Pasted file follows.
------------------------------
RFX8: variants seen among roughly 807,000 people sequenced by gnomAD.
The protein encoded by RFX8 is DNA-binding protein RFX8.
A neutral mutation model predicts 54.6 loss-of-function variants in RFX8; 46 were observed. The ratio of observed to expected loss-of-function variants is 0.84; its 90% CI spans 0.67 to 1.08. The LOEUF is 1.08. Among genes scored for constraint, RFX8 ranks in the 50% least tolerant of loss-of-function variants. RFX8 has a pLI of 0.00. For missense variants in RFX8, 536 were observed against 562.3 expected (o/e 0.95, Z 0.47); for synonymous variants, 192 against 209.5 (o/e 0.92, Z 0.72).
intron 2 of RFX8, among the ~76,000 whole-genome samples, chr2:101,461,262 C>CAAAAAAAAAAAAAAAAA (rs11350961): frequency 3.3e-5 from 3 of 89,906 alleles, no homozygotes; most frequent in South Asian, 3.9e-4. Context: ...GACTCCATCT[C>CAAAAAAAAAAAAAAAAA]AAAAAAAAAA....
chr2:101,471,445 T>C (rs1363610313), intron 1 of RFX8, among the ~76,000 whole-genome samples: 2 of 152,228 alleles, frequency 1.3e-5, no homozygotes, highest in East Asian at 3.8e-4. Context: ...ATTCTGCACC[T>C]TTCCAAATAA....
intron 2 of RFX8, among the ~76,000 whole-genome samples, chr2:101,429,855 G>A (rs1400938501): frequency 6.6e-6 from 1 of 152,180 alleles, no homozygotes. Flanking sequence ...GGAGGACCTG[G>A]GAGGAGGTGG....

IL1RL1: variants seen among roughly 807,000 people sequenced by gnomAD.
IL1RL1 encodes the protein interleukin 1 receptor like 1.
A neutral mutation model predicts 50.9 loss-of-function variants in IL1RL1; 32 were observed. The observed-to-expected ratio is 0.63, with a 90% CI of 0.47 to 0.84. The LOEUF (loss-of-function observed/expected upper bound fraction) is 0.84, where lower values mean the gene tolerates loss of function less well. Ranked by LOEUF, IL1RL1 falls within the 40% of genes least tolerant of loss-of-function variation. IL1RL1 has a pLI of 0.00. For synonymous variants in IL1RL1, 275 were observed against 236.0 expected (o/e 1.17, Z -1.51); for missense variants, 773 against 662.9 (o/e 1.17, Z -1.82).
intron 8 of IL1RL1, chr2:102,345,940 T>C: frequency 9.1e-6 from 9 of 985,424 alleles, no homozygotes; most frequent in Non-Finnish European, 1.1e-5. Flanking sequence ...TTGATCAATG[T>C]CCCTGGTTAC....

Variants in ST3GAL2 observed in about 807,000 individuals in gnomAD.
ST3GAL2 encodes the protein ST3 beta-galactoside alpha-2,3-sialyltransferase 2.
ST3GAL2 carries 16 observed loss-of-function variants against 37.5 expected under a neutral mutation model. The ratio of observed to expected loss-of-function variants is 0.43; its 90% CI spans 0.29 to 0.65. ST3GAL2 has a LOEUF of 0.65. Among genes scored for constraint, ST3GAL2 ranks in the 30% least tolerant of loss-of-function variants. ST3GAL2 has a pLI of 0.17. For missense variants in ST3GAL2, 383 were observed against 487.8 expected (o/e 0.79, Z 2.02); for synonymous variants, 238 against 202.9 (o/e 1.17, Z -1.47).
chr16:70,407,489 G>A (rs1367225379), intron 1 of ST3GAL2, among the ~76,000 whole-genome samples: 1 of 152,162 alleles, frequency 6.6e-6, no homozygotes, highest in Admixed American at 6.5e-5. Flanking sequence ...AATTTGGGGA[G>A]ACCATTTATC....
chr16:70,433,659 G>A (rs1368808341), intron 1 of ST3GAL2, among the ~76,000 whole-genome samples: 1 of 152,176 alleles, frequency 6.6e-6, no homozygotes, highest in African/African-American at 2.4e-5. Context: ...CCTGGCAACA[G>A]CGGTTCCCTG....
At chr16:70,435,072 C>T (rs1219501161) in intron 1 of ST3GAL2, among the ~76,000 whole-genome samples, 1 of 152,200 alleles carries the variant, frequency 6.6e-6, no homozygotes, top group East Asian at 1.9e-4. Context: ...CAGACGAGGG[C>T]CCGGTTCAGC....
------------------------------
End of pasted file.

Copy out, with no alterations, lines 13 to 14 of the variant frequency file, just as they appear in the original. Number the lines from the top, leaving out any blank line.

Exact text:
ST3GAL2 carries 16 observed loss-of-function variants against 37.5 expected under a neutral mutation model. The ratio of observed to expected loss-of-function variants is 0.43; its 90% CI spans 0.29 to 0.65. ST3GAL2 has a LOEUF of 0.65. Among genes scored for constraint, ST3GAL2 ranks in the 30% least tolerant of loss-of-function variants. ST3GAL2 has a pLI of 0.17. For missense variants in ST3GAL2, 383 were observed against 487.8 expected (o/e 0.79, Z 2.02); for synonymous variants, 238 against 202.9 (o/e 1.17, Z -1.47).
chr16:70,407,489 G>A (rs1367225379), intron 1 of ST3GAL2, among the ~76,000 whole-genome samples: 1 of 152,162 alleles, frequency 6.6e-6, no homozygotes, highest in Admixed American at 6.5e-5. Flanking sequence ...AATTTGGGGA[G>A]ACCATTTATC....